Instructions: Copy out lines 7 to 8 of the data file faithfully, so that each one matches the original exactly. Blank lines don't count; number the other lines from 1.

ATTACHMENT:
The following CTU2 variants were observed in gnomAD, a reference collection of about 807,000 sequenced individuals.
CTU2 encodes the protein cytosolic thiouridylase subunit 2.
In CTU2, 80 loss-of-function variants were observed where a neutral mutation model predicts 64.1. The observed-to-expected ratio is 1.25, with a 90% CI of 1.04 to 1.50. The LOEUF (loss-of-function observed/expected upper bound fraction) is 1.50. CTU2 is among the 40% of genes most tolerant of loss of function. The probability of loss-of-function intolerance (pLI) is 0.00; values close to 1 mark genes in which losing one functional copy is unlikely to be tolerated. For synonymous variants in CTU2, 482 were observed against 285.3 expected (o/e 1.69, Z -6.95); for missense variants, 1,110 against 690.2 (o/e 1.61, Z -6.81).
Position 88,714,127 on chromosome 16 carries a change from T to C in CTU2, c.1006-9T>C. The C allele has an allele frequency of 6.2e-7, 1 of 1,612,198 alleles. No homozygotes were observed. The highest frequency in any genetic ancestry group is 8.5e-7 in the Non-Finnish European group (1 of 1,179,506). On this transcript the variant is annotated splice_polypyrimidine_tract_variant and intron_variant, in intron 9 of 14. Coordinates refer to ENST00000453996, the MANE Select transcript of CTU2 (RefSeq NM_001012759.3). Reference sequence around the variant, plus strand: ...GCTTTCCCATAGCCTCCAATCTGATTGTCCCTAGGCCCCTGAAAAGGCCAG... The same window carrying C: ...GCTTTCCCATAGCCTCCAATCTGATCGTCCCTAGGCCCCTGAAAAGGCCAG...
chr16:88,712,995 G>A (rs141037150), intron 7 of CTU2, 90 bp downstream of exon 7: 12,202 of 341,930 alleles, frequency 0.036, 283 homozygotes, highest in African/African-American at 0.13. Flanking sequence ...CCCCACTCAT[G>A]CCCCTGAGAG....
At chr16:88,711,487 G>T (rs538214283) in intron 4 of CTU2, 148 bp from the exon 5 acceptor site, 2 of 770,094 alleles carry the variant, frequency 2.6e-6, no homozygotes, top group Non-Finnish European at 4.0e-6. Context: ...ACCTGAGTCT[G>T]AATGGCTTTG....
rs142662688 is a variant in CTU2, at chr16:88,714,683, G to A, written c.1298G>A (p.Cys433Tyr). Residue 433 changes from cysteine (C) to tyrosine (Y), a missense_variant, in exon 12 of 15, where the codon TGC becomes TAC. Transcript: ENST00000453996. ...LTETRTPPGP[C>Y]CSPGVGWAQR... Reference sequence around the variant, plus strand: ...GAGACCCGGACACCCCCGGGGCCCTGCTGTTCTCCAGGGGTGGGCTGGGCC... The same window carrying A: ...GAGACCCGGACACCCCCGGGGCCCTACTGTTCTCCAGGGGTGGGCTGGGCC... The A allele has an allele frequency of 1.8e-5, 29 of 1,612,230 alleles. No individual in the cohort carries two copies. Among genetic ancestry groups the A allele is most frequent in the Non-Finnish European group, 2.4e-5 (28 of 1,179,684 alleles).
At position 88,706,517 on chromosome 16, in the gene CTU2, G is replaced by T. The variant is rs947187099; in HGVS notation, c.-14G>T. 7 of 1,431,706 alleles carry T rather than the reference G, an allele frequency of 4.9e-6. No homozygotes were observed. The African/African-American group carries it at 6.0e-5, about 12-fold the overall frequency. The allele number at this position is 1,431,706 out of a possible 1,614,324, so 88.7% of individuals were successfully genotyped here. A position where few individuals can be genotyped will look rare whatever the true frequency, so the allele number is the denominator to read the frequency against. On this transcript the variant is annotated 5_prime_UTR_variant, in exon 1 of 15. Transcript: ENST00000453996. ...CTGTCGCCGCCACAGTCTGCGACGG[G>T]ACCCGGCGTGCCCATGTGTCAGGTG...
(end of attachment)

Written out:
rs142662688 is a variant in CTU2, at chr16:88,714,683, G to A, written c.1298G>A (p.Cys433Tyr). Residue 433 changes from cysteine (C) to tyrosine (Y), a missense_variant, in exon 12 of 15, where the codon TGC becomes TAC. Transcript: ENST00000453996. ...LTETRTPPGP[C>Y]CSPGVGWAQR... Reference sequence around the variant, plus strand: ...GAGACCCGGACACCCCCGGGGCCCTGCTGTTCTCCAGGGGTGGGCTGGGCC... The same window carrying A: ...GAGACCCGGACACCCCCGGGGCCCTACTGTTCTCCAGGGGTGGGCTGGGCC... The A allele has an allele frequency of 1.8e-5, 29 of 1,612,230 alleles. No individual in the cohort carries two copies. Among genetic ancestry groups the A allele is most frequent in the Non-Finnish European group, 2.4e-5 (28 of 1,179,684 alleles).
At position 88,706,517 on chromosome 16, in the gene CTU2, G is replaced by T. The variant is rs947187099; in HGVS notation, c.-14G>T. 7 of 1,431,706 alleles carry T rather than the reference G, an allele frequency of 4.9e-6. No homozygotes were observed. The African/African-American group carries it at 6.0e-5, about 12-fold the overall frequency. The allele number at this position is 1,431,706 out of a possible 1,614,324, so 88.7% of individuals were successfully genotyped here. A position where few individuals can be genotyped will look rare whatever the true frequency, so the allele number is the denominator to read the frequency against. On this transcript the variant is annotated 5_prime_UTR_variant, in exon 1 of 15. Transcript: ENST00000453996. ...CTGTCGCCGCCACAGTCTGCGACGG[G>T]ACCCGGCGTGCCCATGTGTCAGGTG...